Monthly construction output decreases first time since October last year: ONS

While both May and June were affected by the timing of the Jubilee bank holiday, the latest figures represent the first decrease since October last year when it stood at 0.9% following seven consecutive months of growth.

The decrease in monthly construction output in June came from falls in both new work at 2% and repair and maintenance at 0.2%.

At the sector level, the main contributors to the decrease in June were private new housing and private commercial new work, which decreased by 6.1% and 4.5%, respectively.

The level of construction output in June was 2.9% (£414m) above the February 2020 pre-coronavirus pandemic level; repair and maintenance work was 12.6% (£626m) above the February 2020 level while new work was 2.2% (£212m) below its February 2020 level.

Despite the monthly decrease, construction output increased 2.3% in the second quarter of this year, with increases seen in both new work and repair and maintenance, 3.3% and 0.8%, respectively.

Total construction new orders decreased 10.4% (£1,355m) in Q2 this year compared with the first quarter of the year. This represented the largest quarterly fall in construction new orders since Q4 2020 (11.7%).

The annual rate of construction output price growth was 9.6% in the 12 months to June 2022, which was the strongest annual rate of price growth since records began in 2014.

Naismiths director Gareth Belsham describes the reversal in figures as “sharp and painful”.

Belsham says: “After seven straight months of uninterrupted growth, construction crunched into reverse in June – with the sector shrinking faster than any other part of the UK economy.”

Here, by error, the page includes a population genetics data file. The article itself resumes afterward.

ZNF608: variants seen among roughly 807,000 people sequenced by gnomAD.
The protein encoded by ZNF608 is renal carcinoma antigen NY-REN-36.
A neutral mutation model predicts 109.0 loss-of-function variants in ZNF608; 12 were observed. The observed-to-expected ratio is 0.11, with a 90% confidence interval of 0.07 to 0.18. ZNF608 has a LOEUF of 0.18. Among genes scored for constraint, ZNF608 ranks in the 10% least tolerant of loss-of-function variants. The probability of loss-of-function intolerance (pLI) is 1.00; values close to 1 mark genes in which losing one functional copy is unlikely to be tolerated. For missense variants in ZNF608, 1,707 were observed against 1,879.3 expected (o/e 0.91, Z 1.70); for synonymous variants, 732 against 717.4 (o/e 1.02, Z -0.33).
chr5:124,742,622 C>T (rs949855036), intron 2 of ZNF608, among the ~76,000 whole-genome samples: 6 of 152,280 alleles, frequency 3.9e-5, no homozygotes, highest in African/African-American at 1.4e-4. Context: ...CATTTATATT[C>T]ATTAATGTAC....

“Only the most optimistic observer would dismiss the switch from 1.8% growth in May to a 1.4% contraction in June as being solely down to building work stopping for the extended Jubilee Weekend.”

“Weakening sentiment in the wider economy is starting to squeeze the pipeline of new construction work. The total value of new orders placed shrank by 10.4% (£1.36bn) between the first and second quarters of 2022.”

“Orders from housing developers have now fallen for three quarters in a row, and levels of private sector housebuilding shrank by a bruising 6.1% in June, following a rapid 7.5% expansion in May.”

“Such volatility may be a short-term blip, and for now t.’s still plenty to cheer in the data. New industrial work grew strongly in June and the construction industry as a whole grew by over £1bn in the second quarter compared to the first three months of 2022, marking the fastest quarterly rise since this time last year.”

“But the slowdown in new orders is a worry, as it suggests that after months of enjoying full order books, some builders’ future is looking less rosy.”

“Separate data showed that in England and Wales during the second quarter of 2022 the number of construction firms going to the wall surged to double the level seen during the same period last year.”

“With construction prices rising by 9.6% in the year to June, their fastest level since records began, the combination of inflation and the rising risk of contractors going bust on the job is not a happy one – and once strong investment cases are being tested as increasing numbers of developers pause for thought before committing to build.”

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